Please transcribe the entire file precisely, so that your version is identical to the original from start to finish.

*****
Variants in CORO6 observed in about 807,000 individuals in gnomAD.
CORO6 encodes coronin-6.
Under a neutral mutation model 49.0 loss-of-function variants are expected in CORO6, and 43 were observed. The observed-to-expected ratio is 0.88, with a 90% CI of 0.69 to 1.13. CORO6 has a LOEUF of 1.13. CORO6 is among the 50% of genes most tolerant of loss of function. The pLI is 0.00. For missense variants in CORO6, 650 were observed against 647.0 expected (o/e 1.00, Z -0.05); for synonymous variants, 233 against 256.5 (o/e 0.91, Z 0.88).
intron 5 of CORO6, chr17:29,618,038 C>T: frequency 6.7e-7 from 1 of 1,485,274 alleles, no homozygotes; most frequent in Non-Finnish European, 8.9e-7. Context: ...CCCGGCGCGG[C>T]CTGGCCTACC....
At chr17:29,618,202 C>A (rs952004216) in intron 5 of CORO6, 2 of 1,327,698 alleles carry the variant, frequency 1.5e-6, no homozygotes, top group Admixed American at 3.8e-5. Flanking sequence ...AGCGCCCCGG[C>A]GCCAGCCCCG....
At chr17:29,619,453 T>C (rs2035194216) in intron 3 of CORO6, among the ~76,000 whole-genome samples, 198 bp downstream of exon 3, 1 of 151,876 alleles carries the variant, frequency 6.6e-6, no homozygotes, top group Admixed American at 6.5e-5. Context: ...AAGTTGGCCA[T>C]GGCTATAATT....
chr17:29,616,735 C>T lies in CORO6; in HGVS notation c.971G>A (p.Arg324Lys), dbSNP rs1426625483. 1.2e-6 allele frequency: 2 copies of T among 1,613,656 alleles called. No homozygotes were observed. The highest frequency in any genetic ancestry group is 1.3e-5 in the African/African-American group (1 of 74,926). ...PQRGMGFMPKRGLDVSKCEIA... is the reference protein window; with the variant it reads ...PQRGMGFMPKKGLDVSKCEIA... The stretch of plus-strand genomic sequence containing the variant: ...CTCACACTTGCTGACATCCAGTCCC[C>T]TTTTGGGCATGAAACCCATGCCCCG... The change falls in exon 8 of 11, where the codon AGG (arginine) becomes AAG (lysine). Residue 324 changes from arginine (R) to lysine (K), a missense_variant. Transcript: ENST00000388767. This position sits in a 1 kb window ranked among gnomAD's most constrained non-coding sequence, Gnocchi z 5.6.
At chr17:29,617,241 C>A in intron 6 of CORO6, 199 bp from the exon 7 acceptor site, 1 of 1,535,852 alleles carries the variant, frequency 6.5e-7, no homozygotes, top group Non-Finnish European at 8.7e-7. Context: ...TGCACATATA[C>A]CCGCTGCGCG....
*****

Variants in CORO6 observed in about 807,000 individuals in gnomAD.
CORO6 encodes coronin-6.
Under a neutral mutation model 49.0 loss-of-function variants are expected in CORO6, and 43 were observed. The observed-to-expected ratio is 0.88, with a 90% CI of 0.69 to 1.13. CORO6 has a LOEUF of 1.13. CORO6 is among the 50% of genes most tolerant of loss of function. The pLI is 0.00. For missense variants in CORO6, 650 were observed against 647.0 expected (o/e 1.00, Z -0.05); for synonymous variants, 233 against 256.5 (o/e 0.91, Z 0.88).
intron 5 of CORO6, chr17:29,618,038 C>T: frequency 6.7e-7 from 1 of 1,485,274 alleles, no homozygotes; most frequent in Non-Finnish European, 8.9e-7. Context: ...CCCGGCGCGG[C>T]CTGGCCTACC....
At chr17:29,618,202 C>A (rs952004216) in intron 5 of CORO6, 2 of 1,327,698 alleles carry the variant, frequency 1.5e-6, no homozygotes, top group Admixed American at 3.8e-5. Flanking sequence ...AGCGCCCCGG[C>A]GCCAGCCCCG....
At chr17:29,619,453 T>C (rs2035194216) in intron 3 of CORO6, among the ~76,000 whole-genome samples, 198 bp downstream of exon 3, 1 of 151,876 alleles carries the variant, frequency 6.6e-6, no homozygotes, top group Admixed American at 6.5e-5. Context: ...AAGTTGGCCA[T>C]GGCTATAATT....
chr17:29,616,735 C>T lies in CORO6; in HGVS notation c.971G>A (p.Arg324Lys), dbSNP rs1426625483. 1.2e-6 allele frequency: 2 copies of T among 1,613,656 alleles called. No homozygotes were observed. The highest frequency in any genetic ancestry group is 1.3e-5 in the African/African-American group (1 of 74,926). ...PQRGMGFMPKRGLDVSKCEIA... is the reference protein window; with the variant it reads ...PQRGMGFMPKKGLDVSKCEIA... The stretch of plus-strand genomic sequence containing the variant: ...CTCACACTTGCTGACATCCAGTCCC[C>T]TTTTGGGCATGAAACCCATGCCCCG... The change falls in exon 8 of 11, where the codon AGG (arginine) becomes AAG (lysine). Residue 324 changes from arginine (R) to lysine (K), a missense_variant. Transcript: ENST00000388767. This position sits in a 1 kb window ranked among gnomAD's most constrained non-coding sequence, Gnocchi z 5.6.
At chr17:29,617,241 C>A in intron 6 of CORO6, 199 bp from the exon 7 acceptor site, 1 of 1,535,852 alleles carries the variant, frequency 6.5e-7, no homozygotes, top group Non-Finnish European at 8.7e-7. Context: ...TGCACATATA[C>A]CCGCTGCGCG....